Wee Evan is a Christmas miracle

Evan Wilson has endured more in just two years than many of us will in an entire lifetime.

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  • Evan is thriving after a difficult start to life
    Evan is thriving after a difficult start to life
  • Evan is thriving after a difficult start to life
  • Evan is thriving after a difficult start to life
  • Evan is thriving after a difficult start to life

The toddler became the youngest person in Scotland to be diagnosed with cancer … just 12 hours after he was born.

His tiny body had to endure gruelling chemotherapy and a complex operation to remove a tumour on his liver when he was months old.

Evan's shocked parents watched in awe as the baby battled his condition with a smile on his face.

Now in remission, Evan is thriving, and his family - including his doting eight-year-old sister Jorja - are looking forward to celebrating a Christmas with him that they feared they might never see.

Dad Scott said: "Evan is a very happy wee boy. His personality is starting to shine through and he loves dinosaurs and cars.

"He is an inspiration to us all and we are looking forward to being able to spoil him and Jorja this Christmas."

Scott and wife Lorraine, who are both mental health nurses at the Gartnavel Royal Hospital, Glasgow, were overjoyed when Evan was born on November 18, 2011 following a straight-forward pregnancy and birth.

But, moments after he entered the world at 6lb 9oz, a midwife at the Princess Royal Maternity Hospital, Glasgow, raised concerns when she noticed swelling on his abdomen. She alerted a doctor and a series of scans were arranged.

Evan was then transferred to Yorkhill Royal Hospital For Sick Children.

Scott, 43, said: "We were concerned but not overly worried because it never crossed our minds for a second that he could have cancer … never in a million years."

But hours later, Scott and Lorraine, 40, who live in Lennoxtown, Dunbartonshire, were called into a room in the hospital where two doctors and a nurse were waiting to deliver the crushing news.

Scott said: "The doctor was very matter of fact and said, 'We have found a mass on Evan's liver'. My wife said, 'Like cancer?' And the doctor replied, 'Yes'.

"It is hard to describe what went through our heads, it is a bit of a blur."

Evan then underwent a range of tests to establish whether or not the cancer had spread.

Scott added: "We knew his chances were significantly better if the cancer was contained.

"When we found out it hadn't spread, that was a strange day - skipping out of hospital relieved that my newborn son 'had cancer only in his liver'."

Their son was diagnosed with hepatoblastoma and became the youngest person in Scotland to develop cancer and the youngest in the UK to develop liver cancer.

He started chemotherapy through a central line in his tiny body and was later taken to a hospital in Birmingham for an operation to remove the large tumour from his liver.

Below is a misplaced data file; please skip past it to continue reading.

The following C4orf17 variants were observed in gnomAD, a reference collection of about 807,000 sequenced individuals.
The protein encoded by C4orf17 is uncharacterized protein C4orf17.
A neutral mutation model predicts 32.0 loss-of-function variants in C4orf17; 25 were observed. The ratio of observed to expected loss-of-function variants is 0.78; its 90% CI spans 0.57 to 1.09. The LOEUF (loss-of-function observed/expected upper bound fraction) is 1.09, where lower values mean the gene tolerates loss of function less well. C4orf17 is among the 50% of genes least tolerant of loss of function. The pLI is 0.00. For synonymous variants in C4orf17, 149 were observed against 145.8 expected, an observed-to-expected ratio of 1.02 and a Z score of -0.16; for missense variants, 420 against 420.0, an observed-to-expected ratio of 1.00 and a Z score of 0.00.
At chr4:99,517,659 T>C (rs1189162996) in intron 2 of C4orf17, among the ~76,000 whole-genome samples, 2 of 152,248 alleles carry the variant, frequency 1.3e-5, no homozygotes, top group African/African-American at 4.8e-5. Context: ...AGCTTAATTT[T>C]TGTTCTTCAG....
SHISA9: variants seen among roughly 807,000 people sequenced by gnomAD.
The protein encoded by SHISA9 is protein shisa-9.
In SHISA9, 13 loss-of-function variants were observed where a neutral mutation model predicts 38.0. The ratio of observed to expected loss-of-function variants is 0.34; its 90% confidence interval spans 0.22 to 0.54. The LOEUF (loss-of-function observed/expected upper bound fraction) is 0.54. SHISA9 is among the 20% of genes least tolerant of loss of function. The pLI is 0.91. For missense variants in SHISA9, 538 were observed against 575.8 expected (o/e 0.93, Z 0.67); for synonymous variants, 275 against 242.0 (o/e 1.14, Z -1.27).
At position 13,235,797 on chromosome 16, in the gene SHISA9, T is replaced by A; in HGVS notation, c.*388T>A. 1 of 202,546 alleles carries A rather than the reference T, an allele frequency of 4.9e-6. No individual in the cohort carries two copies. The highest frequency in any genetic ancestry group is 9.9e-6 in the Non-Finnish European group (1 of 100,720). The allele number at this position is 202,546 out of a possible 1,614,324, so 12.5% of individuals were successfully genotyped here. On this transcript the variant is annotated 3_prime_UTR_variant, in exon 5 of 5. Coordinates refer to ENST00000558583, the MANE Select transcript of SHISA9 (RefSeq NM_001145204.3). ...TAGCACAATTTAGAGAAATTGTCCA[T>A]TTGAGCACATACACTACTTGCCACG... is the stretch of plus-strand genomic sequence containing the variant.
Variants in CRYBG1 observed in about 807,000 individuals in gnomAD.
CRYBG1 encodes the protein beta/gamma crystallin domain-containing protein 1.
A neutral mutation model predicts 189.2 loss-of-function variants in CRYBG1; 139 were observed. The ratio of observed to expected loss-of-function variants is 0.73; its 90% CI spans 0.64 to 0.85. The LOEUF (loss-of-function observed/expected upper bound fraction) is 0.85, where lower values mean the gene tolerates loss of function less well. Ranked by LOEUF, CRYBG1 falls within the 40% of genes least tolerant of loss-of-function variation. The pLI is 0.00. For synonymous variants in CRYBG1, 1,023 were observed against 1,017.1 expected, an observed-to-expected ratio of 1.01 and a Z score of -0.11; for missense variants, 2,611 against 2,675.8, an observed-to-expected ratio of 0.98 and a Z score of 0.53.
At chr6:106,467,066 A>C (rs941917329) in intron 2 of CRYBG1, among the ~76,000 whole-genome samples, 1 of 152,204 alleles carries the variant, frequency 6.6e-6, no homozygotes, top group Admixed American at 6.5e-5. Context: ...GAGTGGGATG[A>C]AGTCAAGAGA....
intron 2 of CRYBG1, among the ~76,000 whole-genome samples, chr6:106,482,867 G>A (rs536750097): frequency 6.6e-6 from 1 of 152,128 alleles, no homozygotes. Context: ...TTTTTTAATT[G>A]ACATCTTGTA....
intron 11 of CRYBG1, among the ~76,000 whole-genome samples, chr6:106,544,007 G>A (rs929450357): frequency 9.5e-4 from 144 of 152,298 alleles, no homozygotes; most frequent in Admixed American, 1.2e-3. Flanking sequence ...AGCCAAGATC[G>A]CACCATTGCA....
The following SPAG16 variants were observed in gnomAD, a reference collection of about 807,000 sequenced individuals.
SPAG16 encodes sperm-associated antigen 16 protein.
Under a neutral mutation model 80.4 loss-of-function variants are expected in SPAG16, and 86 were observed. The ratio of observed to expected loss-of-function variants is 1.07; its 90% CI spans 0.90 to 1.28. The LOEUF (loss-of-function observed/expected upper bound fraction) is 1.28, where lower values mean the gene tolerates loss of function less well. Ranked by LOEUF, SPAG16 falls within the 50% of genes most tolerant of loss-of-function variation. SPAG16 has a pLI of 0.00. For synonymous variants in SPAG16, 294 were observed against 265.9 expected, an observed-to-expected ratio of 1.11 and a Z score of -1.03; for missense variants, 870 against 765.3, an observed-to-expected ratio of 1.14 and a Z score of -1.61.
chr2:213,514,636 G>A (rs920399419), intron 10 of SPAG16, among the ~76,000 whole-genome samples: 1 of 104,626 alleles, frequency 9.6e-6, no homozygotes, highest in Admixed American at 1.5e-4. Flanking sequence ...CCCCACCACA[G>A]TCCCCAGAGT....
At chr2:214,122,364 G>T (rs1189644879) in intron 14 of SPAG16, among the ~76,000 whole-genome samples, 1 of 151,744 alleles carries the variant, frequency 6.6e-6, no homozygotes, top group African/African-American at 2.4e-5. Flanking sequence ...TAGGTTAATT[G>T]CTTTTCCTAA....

Scott said: "I recall looking at him and he was so small, wishing I could take it from him, and wondering how he had the strength to fight.

"Children are so resilient, he is remarkable.

"But there were about three occasions when I was looking at him thinking we were losing him, because he was so ill.

"The worst occasion was when he developed septicaemia from a bug in his central line."

Thankfully, Evan managed to fight back each time.

Said Scott: "He was either very seriously ill or smiling away, wanting to play.

"This is the thing about children, there is no feeling sorry for themselves."

Evan was treated in the Schiehallion children's cancer ward in Yorkhill and Scott and Lorraine became close to other parents whose children were also battling the disease.

Scott said: "Some of the parents with older children would comment on how tiny Evan was and say it was terrible and ask how we were coping. But our hearts went out to them.

"Because Evan was so young he did not fully understand what was going on.

"He would get upset during some of the procedures but we were able to settle him and, minutes, later he was calm again.

"But I saw the fear on some of the older children's faces and heard them screaming when doctors went into the rooms.

"Lorraine managed to breast-feed Evan for three months, for which she was commended, but she couldn't manage much longer and felt so helpless. But she coped amazingly well.

"We just had to, for Evan's sake and for Jorja.

"There were times when I would be driving home in the car screaming. It was a release.

"But you find the strength. You don't know you have it in you, but you find it somehow."

Today, Scott and Lorraine could not be more proud of their little boy and Jorja, whose life was also turned upside down.

They said they could not have coped without the fantastic support of family, friends and their community, who helped them raise £5,000 for children's cancer charity Clic Sargent.

Scott added: "Christmas is a wonderful time of year for all families and we are no different.

"Evan is starting to understand a bit about Santa and presents, which is lovely.

"When you live through a child being so seriously ill, it changes your perspective on life.

"You don't sweat the little things any more and you cherish the special times you have together."

linzi.watson@ eveningtimes.co.uk

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